Yesterday, we reported how Universal was proudly talking about how the straight-to-VOD release of “Trolls World Tour” earned more revenue in three weeks than the entire theatrical run of the film, domestically. Why would Universal tout this information? Clearly, it was an attempt to show that theatrical distribution of major films isn’t the only way to move forward in a post-COVID-19 world and that the studio would “release movies on both formats” when the pandemic is over. Well, as you might imagine, this led to some pretty wild responses from theater owners and the world’s largest cinema chain. Bear with me, there is a lot to discuss.
After the report about “Trolls World Tour” revenue, AMC Theatres, the world’s largest theater chain, and the National Association of Theater Owners (NATO) both released statements about the news. In terms of NATO, the organization didn’t dispute the numbers released by Universal, but instead, the group claimed that the circumstances led to the inflated performance.
“This performance is indicative of hundreds of millions of people isolated in their homes seeking entertainment, not a shift in consumer movie viewing preferences,” NATO said (via Deadline). “It is not surprising that people under shelter-in-home ordinances for weeks on end with increasingly limited entertainment options would take advantage of the movie’s direct-to-VOD move to keep children entertained, even at a premium price.”
AMC Theatres went even one step further. Not only did the company show its displeasure for Universal’s claims that future films might skip theatrical releases altogether, but AMC CEO Adam Aron said, “Going forward, AMC will not license any Universal movies in any of our 1,000 theatres globally on these terms.”
And why is Universal being punished when both Warner Bros. and Disney are doing similar releases for films such as “Scoob!” and “Artemis Fowl,” respectively?
Universal is the only studio contemplating a wholesale change to the status quo. Hence, this immediate communication in response,” said the AMC CEO.
As you might expect, when AMC Theatres says that it will no longer show your films in any of its 1,000 locations around the world, a studio is going to respond. And that’s exactly what Universal did.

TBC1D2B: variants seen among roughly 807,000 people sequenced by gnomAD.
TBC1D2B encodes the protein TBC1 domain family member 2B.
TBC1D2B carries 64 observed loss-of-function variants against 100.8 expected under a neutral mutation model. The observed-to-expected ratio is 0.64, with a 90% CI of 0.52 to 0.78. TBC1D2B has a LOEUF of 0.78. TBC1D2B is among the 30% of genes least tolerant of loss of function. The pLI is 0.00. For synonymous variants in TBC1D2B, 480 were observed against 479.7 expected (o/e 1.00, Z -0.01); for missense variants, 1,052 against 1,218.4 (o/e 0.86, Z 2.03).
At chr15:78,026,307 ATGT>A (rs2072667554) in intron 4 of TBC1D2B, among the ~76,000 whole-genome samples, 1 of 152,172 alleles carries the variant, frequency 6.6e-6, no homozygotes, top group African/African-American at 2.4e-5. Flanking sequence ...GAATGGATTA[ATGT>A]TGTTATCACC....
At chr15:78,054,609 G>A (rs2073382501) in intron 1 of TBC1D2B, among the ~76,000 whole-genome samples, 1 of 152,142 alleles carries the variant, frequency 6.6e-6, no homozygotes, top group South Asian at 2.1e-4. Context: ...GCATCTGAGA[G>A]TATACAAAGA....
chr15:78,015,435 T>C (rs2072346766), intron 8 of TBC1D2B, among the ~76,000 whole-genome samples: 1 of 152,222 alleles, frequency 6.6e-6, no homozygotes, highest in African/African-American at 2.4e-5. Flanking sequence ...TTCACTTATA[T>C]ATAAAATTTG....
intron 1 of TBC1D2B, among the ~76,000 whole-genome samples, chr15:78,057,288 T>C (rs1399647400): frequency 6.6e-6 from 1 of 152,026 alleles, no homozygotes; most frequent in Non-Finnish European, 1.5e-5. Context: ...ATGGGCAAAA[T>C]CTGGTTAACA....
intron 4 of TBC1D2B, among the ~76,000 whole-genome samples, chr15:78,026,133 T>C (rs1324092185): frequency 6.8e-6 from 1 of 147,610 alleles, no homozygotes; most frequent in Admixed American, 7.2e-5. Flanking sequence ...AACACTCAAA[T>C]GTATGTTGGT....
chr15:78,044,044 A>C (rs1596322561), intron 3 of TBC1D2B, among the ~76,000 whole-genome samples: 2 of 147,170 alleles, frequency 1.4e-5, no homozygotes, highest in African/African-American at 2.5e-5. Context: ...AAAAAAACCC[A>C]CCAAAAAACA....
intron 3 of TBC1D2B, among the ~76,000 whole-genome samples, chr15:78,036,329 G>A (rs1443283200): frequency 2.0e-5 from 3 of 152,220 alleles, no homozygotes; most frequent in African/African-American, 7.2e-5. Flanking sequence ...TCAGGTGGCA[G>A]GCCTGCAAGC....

The studio said, “We absolutely believe in the theatrical experience and have made no statement to the contrary. As we stated earlier, going forward, we expect to release future films directly to theatres, as well as on PVOD when that distribution outlet makes sense. We look forward to having additional private conversations with our exhibition partners but are disappointed by this seemingly coordinated attempt from AMC and NATO to confuse our position and our actions.”
So, it would appear that Universal is claiming that all of this fervor was caused by a misinterpretation of its original statement. At this time, the studio doesn’t think it’ll break the theatrical window by releasing major films on VOD day-and-date as its theatrical release. Instead, the studio is now going to decide if some films warrant a VOD release instead of a big-screen debut.
And in a battle of statements, you know that one organization needs the last word. In this case, that distinction goes to NATO, who took offense to Universal’s “reckless charge” that the organization somehow coordinated with AMC for an attack against the studio.
The final statement added, “Unfortunately Universal has a destructive tendency to both announce decisions affecting their exhibitor partners without actually consulting with those partners, and now of making unfounded accusations without consulting with their partners.”
Okay, did you get all of that? The COVID-19 pandemic is affecting everyone in the film industry and it’s clear that NATO and AMC Theatres (along with other exhibitors) are concerned about how studios release films during this time, hoping that the status quo doesn’t change as a result. But even though Universal isn’t willing to say it bluntly, you’d have to be crazy to think that the studio isn’t happy with the results of “Trolls World Tour” and sees a big future with releasing films straight-to-VOD. It’s unclear how this will all shake out with other studios and other exhibitors. But for now, it would appear that this battle is far from over.